Working as a full-time graphic designer/ merchandiser at Astor has really been a wonderful experience. I unfortunately have hardly any spare time to work on my own projects, projects I initiate not out of financial interest but out of a need to not let the ball stop rolling --- I don't want to let myself stall too much on my own projects. Of course, getting paid for your work is immensely gratifying. Creating work for a client and on your free time isn't too different...the only difference is having a shorter deadline when you're creating something for a client. 

Along a similar train of thought, you studied art formally at The New School, in both New York and Paris. Were you ever worried about your decision to pursue art as a major and, ultimately, as a career? And do you think it's necessary for aspiring or budding artists to study art in a classroom setting?

based on a visit to a fortune teller
Personally I never worried about choosing to pursue art as a career. It was a decision I very single-mindedly made when I was still in high school, and I didn't give a second thought to the difficulties I would have to face with such a path. I just KNEW I wanted to make art and draw for a living, and really didn't think anything beyond that mattered. As long as I was trying to do this I'd be happy. I realize that this sounds fairly simple, but it was also a decision I made based on a lot of self-analysis, and considering what my personal strengths, weaknesses and inclinations were, and what I thought I would do well in. In some part I think I wanted to stand out from among my siblings too --- they all pursued "sensible" fields, either political science or engineering.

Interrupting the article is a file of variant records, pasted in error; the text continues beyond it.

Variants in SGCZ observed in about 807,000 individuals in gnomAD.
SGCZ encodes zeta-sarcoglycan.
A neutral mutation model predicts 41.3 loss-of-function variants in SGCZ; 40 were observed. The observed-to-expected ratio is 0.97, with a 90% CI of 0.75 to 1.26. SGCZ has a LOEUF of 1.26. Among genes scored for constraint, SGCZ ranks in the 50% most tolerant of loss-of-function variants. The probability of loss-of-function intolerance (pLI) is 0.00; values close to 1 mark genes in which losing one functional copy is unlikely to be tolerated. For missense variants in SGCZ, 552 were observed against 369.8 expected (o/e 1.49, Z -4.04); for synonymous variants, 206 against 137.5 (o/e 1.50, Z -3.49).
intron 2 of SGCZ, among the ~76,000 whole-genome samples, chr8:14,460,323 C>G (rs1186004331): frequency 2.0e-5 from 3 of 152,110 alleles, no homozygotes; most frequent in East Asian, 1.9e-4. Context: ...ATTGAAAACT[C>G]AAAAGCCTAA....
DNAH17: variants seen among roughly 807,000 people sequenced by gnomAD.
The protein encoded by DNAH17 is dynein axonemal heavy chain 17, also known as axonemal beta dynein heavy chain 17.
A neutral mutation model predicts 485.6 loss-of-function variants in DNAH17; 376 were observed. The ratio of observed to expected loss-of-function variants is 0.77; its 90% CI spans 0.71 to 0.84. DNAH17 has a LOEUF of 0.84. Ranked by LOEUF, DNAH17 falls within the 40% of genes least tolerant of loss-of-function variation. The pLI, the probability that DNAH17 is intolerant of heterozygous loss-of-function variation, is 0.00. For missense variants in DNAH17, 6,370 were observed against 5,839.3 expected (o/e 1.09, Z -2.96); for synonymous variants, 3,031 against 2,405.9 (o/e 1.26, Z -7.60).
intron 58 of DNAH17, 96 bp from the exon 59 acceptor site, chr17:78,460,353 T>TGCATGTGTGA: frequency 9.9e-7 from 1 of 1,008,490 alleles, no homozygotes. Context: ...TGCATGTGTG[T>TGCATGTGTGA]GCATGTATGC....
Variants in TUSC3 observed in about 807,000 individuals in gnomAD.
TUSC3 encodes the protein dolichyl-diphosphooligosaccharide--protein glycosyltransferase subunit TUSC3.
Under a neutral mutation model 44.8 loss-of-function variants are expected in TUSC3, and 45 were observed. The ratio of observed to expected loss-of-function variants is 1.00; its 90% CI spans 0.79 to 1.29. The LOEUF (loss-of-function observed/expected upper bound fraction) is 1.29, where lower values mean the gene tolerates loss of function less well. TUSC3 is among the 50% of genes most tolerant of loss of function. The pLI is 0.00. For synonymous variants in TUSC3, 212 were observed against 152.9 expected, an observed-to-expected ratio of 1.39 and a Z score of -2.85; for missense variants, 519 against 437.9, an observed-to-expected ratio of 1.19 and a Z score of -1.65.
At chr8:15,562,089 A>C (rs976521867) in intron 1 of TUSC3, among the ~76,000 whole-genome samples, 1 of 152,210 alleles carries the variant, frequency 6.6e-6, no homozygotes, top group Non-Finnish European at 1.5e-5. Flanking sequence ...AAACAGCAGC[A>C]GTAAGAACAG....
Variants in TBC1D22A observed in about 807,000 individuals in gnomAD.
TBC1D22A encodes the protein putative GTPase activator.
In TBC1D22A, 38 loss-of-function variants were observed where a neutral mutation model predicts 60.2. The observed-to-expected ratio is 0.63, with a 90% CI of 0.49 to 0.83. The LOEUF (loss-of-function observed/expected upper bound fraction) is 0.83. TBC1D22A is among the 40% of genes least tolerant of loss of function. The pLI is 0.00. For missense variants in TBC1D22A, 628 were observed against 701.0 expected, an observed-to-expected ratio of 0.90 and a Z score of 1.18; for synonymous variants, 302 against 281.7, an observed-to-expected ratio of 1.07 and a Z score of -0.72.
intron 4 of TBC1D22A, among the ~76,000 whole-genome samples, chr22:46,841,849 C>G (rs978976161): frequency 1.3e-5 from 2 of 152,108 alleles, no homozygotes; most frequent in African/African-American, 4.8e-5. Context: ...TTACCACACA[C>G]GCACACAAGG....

I definitely didn't get my best grades in Art in High School; in fact, I did much better in English. Going to school for Illustration was definitely a good idea too. Art school was a great experience, but I did find value in different places than I thought I would. It wasn't so much about the techniques and skills I learned there (although I loved all the printmaking classes I took and wish I had the same access to their amazing facilities now),  but more about the people I met there and the close friends I made. I also have stayed in touch with many of my professors, which has been a great help for me in trying to stand on my own feet after graduation.

I often wonder how an artist measures his/her success. How do you feel you've personally grown --- as an artist or otherwise --- in the past few years? 

The biggest realization I've come to make in the past few years is that you can really only rely on yourself to make things happen. In order to get anywhere or for anything to happen, you have to initiate it yourself, and not just sit and wait for things to come for you. This definitely applies to me personally as well as for my work, and it is something I struggle with everyday. I don't want to be complacent or comfortable, I want to go out and take chances and seize opportunities. As for measuring my own success, the only yardstick I have for that is myself. As long as I make things that I myself am happy and proud of, then I feel like I've been successful in that venture. You can never please everyone, but you can please yourself!

Your boyfriend, with whom you live, is also an artist/illustrator/animator. What's it like for two artists to date?